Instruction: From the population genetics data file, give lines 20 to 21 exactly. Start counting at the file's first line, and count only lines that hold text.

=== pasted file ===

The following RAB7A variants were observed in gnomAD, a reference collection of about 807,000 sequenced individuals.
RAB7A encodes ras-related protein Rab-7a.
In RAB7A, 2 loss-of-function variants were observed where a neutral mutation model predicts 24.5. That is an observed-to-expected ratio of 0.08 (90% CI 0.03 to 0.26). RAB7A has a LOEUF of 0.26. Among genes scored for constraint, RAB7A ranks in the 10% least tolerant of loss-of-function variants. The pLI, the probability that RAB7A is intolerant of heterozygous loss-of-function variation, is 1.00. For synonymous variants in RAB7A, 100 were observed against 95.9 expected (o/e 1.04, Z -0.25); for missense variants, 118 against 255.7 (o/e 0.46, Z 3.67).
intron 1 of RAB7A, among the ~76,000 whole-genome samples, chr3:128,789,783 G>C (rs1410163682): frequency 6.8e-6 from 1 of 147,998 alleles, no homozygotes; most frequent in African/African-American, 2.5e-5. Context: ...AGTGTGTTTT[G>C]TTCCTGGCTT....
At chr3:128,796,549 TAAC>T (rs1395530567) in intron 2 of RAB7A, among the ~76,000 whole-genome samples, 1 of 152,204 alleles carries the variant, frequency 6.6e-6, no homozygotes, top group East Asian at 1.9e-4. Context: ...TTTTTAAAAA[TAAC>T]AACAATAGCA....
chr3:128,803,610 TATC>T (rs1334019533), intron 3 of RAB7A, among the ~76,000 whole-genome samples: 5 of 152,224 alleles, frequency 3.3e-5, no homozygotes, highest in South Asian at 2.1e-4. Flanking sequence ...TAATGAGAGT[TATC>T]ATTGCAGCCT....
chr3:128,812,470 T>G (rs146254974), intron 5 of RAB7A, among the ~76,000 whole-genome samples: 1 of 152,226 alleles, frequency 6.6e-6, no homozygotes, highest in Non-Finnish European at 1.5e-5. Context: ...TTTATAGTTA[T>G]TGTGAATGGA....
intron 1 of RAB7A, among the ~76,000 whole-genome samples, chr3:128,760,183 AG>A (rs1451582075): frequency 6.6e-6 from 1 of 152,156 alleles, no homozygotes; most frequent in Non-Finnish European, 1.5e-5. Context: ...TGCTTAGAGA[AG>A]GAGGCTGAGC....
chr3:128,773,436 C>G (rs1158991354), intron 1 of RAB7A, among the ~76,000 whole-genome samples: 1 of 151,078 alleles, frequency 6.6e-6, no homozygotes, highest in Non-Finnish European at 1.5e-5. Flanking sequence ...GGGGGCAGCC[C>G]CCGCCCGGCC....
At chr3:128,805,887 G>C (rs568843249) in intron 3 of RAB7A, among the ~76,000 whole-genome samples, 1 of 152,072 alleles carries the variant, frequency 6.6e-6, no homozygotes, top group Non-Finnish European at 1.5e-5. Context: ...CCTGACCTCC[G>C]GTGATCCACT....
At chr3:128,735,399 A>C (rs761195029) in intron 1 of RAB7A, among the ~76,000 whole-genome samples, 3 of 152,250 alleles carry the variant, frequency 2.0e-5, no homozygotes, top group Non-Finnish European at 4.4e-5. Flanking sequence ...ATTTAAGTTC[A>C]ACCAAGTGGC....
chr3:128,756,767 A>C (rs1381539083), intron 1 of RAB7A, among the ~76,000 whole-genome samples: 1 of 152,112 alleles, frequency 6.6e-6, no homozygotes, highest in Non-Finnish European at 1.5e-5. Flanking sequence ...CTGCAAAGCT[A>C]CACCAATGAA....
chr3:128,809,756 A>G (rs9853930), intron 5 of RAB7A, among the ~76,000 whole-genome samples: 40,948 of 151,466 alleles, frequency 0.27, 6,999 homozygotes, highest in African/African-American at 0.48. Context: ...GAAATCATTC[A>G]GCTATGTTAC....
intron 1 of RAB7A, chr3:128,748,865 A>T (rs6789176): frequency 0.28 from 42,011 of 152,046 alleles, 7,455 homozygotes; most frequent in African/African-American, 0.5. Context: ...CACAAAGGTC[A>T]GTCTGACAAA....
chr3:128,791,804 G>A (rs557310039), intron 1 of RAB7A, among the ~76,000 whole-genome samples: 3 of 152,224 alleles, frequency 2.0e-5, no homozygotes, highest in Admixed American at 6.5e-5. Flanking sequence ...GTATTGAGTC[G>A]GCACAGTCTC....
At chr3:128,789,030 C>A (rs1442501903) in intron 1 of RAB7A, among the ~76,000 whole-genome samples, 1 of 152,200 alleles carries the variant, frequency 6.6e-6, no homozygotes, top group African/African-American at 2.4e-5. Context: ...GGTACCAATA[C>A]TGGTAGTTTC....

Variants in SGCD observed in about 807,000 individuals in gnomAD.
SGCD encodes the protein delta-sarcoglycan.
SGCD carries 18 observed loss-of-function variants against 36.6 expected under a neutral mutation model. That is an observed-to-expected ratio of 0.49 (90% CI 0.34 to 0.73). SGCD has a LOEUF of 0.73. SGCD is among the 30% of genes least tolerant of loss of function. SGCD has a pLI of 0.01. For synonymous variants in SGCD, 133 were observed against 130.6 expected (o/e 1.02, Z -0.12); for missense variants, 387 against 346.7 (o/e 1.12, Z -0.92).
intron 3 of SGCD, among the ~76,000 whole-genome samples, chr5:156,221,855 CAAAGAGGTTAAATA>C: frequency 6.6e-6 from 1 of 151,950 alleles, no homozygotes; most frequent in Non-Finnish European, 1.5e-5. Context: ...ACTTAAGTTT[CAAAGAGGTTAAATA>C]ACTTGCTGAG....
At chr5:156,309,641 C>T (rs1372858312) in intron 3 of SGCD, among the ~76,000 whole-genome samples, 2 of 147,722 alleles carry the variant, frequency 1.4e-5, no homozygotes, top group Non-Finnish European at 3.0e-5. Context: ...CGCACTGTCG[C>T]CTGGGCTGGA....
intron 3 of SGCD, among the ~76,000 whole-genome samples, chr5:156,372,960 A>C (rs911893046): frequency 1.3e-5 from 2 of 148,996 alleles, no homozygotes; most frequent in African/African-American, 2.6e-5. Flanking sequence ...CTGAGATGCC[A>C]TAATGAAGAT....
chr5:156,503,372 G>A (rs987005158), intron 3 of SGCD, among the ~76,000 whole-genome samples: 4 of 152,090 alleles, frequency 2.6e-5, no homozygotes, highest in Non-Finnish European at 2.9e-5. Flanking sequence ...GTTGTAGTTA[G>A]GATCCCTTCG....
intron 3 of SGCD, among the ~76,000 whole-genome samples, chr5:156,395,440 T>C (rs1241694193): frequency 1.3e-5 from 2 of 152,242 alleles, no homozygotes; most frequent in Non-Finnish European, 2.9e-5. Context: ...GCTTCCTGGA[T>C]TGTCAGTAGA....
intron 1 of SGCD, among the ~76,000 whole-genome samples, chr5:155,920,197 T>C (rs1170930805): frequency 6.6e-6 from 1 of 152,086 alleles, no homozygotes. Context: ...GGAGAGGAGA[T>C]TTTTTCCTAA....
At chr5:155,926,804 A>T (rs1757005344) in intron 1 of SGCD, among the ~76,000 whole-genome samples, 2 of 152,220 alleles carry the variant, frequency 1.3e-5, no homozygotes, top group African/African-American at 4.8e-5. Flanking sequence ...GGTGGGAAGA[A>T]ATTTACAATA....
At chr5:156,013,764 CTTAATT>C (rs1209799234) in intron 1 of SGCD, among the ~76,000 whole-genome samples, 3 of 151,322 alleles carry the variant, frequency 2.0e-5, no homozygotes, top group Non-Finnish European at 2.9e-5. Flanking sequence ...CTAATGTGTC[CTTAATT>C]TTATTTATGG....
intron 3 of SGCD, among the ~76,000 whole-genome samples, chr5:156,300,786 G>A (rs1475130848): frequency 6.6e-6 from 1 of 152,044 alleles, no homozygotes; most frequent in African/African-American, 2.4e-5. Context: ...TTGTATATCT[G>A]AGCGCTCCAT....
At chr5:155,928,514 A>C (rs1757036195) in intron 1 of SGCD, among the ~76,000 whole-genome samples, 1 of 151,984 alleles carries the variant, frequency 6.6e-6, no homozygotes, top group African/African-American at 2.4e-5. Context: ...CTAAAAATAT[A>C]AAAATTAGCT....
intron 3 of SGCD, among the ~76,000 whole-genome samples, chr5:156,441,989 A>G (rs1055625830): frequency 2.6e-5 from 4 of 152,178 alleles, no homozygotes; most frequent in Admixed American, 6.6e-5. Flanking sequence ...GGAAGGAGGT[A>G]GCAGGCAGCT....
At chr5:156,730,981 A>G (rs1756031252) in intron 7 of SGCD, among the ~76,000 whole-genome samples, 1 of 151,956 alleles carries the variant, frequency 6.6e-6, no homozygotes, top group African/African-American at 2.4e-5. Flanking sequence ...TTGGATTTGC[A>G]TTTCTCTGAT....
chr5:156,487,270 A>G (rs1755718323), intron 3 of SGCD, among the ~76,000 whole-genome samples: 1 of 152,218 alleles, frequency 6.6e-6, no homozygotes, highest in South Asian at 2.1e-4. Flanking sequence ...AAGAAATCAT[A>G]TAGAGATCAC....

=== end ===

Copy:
intron 3 of SGCD, among the ~76,000 whole-genome samples, chr5:156,221,855 CAAAGAGGTTAAATA>C: frequency 6.6e-6 from 1 of 151,950 alleles, no homozygotes; most frequent in Non-Finnish European, 1.5e-5. Context: ...ACTTAAGTTT[CAAAGAGGTTAAATA>C]ACTTGCTGAG....
At chr5:156,309,641 C>T (rs1372858312) in intron 3 of SGCD, among the ~76,000 whole-genome samples, 2 of 147,722 alleles carry the variant, frequency 1.4e-5, no homozygotes, top group Non-Finnish European at 3.0e-5. Context: ...CGCACTGTCG[C>T]CTGGGCTGGA....